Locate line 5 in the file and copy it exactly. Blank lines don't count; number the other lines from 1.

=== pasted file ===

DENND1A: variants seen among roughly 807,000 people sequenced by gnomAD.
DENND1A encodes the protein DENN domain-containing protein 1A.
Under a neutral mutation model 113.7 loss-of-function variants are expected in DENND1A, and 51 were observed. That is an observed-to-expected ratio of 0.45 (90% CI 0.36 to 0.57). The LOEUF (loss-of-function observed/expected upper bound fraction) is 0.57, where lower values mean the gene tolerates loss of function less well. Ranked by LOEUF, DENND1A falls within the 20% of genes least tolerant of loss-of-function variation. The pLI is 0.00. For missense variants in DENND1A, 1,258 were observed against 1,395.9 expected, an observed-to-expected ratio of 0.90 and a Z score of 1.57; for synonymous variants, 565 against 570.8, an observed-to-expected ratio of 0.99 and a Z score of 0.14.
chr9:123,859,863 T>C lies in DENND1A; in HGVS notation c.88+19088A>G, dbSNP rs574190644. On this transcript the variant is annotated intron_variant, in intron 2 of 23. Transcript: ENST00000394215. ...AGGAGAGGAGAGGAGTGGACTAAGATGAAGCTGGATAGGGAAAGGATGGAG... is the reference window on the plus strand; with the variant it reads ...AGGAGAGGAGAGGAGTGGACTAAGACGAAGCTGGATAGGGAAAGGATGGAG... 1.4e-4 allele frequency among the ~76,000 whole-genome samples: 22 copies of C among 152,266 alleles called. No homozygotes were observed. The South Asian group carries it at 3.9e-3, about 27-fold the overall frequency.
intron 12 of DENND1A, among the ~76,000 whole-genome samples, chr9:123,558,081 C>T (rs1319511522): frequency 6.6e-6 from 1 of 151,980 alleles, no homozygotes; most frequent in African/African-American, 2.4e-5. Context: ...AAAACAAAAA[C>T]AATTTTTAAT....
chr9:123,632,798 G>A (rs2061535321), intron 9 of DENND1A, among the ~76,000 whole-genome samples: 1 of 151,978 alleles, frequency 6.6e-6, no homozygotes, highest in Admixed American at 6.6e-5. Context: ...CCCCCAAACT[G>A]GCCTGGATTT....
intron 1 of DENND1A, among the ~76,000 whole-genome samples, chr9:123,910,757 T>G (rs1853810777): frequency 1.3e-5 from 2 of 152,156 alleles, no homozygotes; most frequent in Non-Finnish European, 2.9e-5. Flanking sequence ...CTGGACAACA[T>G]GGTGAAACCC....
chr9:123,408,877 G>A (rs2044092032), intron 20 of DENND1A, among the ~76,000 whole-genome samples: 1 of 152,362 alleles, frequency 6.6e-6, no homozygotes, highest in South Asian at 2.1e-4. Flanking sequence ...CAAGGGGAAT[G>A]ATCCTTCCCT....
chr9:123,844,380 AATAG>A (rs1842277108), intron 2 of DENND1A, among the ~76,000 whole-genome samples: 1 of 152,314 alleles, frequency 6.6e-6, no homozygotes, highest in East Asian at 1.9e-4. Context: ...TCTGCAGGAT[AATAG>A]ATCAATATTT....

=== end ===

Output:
intron 12 of DENND1A, among the ~76,000 whole-genome samples, chr9:123,558,081 C>T (rs1319511522): frequency 6.6e-6 from 1 of 151,980 alleles, no homozygotes; most frequent in African/African-American, 2.4e-5. Context: ...AAAACAAAAA[C>T]AATTTTTAAT....